Rochelle Nguyen’s mailbox was flooded with glossy advertising mailings. Because his family includes registered Republicans as well as Democrats, the documents run the gamut of hot topics being discussed midterm.
But one thing is different this election, the Nevada assembly said, “I can tell you, everything from social media messages to senders – I’ve never received so much in Vietnamese.”
The pile of political mail that sits in Nguyen’s Las Vegas home is an indicator that Asian American communities have become a critical constituency for Republicans and Democrats, especially on key battlegrounds like Nevada’s 3rd congressional district — one of the most expensive congressional races in the country.
Asian Americans are the fastest growing racial or ethnic group in the United States and make up more than 10% of the population in five states, including Nevada, which has large Filipino and Chinese American populations. The state’s voting-age Asian American population is approximately 350,000. President Joe Biden won in 2020 by approximately 34,000 votes.
The two parties are testing whether their campaign messages on crime, inflation and abortion resonate in Asian American and Pacific Islander communities, including the region’s largest neighborhoods to the west and southwest. from the Las Vegas Strip.
The GOP’s Congressional Leadership Fund has spent $10.9 million campaigning in the Las Vegas district — more than any other in the country. The majority PAC in the House of Democrats spent $3.4 million, according to data aggregated by California Target Book, which tracks federal campaign finance filings.
US Representative Susie Lee spent an afternoon this week visiting Chinatown Plaza in Las Vegas to speak to business owners about how she and other Democrats have worked to ensure they have the resources necessary to withstand the spiraling costs and the scars that the pandemic has inflicted on the national economy.
The second-term Democrat said the Asian American community in her district has always been a focus, but Lee’s eleventh-hour push comes amid unprecedented efforts by Republicans in Nevada, including her opponent, April Becker, to direct the party’s economy-focused message to Asian America. voters.
“I keep reminding people that, yes, inflation affects us all; it hurts us at the gas pump and at the grocery store. But there is a part that has taken steps to fight inflation and there is a part that wants to use it as a talking point,” Lee said, noting that Asian American business owners often thank her for supporting economic relief throughout the pandemic.
Becker declined to be interviewed for this story.
The Democratic-controlled legislature prioritize the union of the Asian American community in the 3rd District when they redrew the state’s political maps last year without Republican support. Asian Americans now make up 21% of the voting age population.
On paper, the neighborhood is now bluer than before, but the new boundaries could backfire.
After exceeding expectations in 2020 with Asian Americans, Republicans are working to continue their inroads in places like Southwest Las Vegas, where the Republican National Committee has opened an “American Community Center for Asia-Pacific” to lead its outreach efforts six months ago.
More than ever, they say, Republicans are publishing campaign materials in Chinese, Hindi, Korean and Vietnamese and advertising in community newspapers like the Philippine Times in southern Nevada and the Asian Journal in Las Vegas, where RNC President Ronna McDaniel published an editorial from last month titled, “Filipino Americans Strengthen Our Country.” Democrats don’t.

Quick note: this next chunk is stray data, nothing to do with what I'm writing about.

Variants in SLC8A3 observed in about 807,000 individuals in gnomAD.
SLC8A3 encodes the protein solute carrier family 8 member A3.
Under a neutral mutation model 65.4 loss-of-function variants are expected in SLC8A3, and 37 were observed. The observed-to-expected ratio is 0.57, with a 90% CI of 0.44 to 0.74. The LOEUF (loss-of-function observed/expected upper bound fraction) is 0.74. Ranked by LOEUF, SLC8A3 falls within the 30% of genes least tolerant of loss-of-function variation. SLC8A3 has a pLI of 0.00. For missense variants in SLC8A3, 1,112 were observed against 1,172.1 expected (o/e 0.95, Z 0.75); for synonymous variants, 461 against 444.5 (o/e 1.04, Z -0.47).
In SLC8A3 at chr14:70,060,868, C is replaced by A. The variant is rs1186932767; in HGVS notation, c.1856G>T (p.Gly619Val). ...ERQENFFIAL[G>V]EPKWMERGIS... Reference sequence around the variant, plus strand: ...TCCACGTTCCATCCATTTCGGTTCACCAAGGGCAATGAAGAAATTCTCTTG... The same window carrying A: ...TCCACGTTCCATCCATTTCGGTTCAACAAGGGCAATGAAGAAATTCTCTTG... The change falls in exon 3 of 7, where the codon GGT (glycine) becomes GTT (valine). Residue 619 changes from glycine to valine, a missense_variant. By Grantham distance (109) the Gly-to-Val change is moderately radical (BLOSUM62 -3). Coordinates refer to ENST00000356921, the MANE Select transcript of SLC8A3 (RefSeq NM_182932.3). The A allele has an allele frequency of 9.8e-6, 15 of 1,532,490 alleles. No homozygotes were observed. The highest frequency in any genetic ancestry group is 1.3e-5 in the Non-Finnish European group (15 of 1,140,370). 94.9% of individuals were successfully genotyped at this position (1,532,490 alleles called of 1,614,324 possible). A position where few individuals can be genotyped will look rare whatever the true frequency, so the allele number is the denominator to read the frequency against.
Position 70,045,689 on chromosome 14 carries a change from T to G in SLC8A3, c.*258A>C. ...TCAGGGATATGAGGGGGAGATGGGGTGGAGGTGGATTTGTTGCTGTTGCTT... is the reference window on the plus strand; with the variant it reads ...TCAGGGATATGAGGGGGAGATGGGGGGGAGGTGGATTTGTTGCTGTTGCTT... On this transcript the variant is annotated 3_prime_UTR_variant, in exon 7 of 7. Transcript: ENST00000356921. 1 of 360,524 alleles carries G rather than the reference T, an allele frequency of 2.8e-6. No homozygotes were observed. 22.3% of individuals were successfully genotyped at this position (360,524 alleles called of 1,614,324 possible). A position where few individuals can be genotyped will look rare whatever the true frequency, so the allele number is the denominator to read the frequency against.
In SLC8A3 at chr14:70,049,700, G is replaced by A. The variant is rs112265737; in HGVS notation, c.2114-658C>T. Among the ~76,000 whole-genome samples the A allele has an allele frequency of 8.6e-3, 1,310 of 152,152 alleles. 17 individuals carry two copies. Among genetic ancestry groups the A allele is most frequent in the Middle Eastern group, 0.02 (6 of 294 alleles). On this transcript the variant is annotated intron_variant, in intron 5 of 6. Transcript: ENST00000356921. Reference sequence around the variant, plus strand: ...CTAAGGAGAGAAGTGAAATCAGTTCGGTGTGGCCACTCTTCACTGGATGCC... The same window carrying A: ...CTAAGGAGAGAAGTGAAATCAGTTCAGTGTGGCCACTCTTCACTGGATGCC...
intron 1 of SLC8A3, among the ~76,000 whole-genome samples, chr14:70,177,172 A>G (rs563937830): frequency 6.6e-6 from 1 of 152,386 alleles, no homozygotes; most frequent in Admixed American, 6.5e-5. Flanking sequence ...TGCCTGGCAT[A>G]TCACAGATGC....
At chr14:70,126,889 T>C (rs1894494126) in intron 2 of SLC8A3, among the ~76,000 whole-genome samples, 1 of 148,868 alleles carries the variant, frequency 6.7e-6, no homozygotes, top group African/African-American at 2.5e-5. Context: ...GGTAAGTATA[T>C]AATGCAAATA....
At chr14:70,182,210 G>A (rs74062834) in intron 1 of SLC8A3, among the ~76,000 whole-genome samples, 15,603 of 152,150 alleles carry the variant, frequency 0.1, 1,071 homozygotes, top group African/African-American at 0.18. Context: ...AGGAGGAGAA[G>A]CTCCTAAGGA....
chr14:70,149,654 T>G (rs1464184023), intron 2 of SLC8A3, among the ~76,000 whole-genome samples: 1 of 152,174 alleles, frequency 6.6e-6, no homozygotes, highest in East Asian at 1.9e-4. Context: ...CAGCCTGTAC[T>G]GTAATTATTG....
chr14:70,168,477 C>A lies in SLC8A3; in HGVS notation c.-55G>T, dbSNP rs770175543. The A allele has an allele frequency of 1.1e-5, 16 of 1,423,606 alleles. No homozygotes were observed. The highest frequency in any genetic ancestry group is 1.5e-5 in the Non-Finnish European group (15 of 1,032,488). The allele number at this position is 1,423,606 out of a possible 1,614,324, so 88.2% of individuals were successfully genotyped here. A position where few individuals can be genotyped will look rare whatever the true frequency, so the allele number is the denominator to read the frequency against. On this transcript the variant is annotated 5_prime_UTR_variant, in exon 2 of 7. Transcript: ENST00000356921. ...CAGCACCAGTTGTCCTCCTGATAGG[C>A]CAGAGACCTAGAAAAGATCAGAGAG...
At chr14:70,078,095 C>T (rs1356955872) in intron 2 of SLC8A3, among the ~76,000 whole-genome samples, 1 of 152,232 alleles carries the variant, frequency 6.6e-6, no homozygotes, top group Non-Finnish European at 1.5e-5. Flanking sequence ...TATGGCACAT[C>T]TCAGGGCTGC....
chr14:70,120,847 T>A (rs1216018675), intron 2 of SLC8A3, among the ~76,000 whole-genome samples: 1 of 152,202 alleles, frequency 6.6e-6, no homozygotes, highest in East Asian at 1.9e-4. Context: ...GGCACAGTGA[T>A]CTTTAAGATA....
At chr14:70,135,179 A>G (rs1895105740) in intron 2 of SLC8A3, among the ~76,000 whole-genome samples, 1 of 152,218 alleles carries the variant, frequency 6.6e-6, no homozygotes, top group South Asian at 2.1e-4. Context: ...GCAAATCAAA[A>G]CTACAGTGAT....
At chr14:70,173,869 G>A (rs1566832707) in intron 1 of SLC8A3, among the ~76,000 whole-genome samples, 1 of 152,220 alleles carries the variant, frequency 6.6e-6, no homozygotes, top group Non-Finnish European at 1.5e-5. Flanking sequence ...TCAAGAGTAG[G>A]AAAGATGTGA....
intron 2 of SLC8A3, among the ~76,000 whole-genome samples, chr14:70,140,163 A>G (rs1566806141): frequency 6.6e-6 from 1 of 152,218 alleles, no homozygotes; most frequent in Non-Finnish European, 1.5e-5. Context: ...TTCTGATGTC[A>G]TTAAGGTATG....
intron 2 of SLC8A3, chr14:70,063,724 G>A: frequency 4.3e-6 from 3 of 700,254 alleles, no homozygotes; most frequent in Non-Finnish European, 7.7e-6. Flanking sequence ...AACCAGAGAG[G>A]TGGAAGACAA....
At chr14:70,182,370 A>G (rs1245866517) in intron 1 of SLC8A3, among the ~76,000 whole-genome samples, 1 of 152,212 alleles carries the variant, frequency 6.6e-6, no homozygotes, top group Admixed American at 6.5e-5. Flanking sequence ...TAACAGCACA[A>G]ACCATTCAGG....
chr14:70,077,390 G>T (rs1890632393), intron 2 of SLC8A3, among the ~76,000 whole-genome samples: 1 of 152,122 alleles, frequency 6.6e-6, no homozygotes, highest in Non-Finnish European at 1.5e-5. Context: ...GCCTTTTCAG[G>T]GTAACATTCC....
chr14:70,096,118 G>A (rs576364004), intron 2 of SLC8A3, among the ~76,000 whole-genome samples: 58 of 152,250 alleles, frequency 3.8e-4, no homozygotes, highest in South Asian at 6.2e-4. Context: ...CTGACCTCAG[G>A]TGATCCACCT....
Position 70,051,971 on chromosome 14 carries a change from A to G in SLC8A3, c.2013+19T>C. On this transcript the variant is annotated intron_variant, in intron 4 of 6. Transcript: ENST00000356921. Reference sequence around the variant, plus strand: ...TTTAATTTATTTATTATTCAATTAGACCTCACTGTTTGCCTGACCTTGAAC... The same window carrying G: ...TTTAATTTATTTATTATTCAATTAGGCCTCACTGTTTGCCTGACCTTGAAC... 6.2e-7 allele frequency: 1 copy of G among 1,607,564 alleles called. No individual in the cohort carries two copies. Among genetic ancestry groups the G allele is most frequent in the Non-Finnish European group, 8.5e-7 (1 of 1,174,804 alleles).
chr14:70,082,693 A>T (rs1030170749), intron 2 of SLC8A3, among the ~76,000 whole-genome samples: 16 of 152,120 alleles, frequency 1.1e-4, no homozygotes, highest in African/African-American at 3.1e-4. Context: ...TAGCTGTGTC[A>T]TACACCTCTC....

Similar outreach tactics have been used for years by Democrats to get the vote in Asian American communities. This year in Nevada, the Democratic Congressional Campaign Committee is running ads focusing on abortion and hate crimes, including in Tagalog, to contrast Lee and Becker. They run ads in the same community newspapers as Republicans as well as in the bimonthly Korea Times Las Vegas and on Philippine radio station PHLV.
Although Asian Americans have always leaned toward Democrats, Republicans are hoping to narrow the margin.
“It’s not going to be the outright victory of the AAPI vote, it’s going to be the GOP winning more votes while the Democrats continue to lose Asian voters. They’re going to be the margin of victory in tight races, whether in Nevada, whether it’s Texas, Arizona or Georgia,” said Nainoa Johsens, RNC’s AAPI Outreach Director.
“We’ve made inroads in places that people in the past didn’t traditionally think the GOP would do,” he added.
Amid a wave of anti-Asian hate crimes, Republicans said this year’s focus on public safety will resonate in Asian American communities. They also hope participation will be encouraged by the experience of Asian American students in college admissions, which is central to a high-profile affirmative action case before the United States Supreme Court.
Janelle Wong, a University of Maryland professor who co-directs the research group AAPI Data, said both parties contacted more voters than in previous elections.
Asian Americans and Pacific Islanders are a linguistically, economically and politically diverse group, but survey data shows that the group – compared to other demographic groups – is relatively united around certain issues, particularly in favor of access to reproductive health care.
Although Democrats have made abortion a centerpiece of their midterm campaigns since overturning Roe v. Wade, if Republicans are able to motivate voters around issues like crime or a sluggish economy, their efforts could be decisive in races that boil down to a few. thousands of voters.
“If their goal is to eat away at the Democratic bloc and if the past is any indication, they might succeed,” Wong said.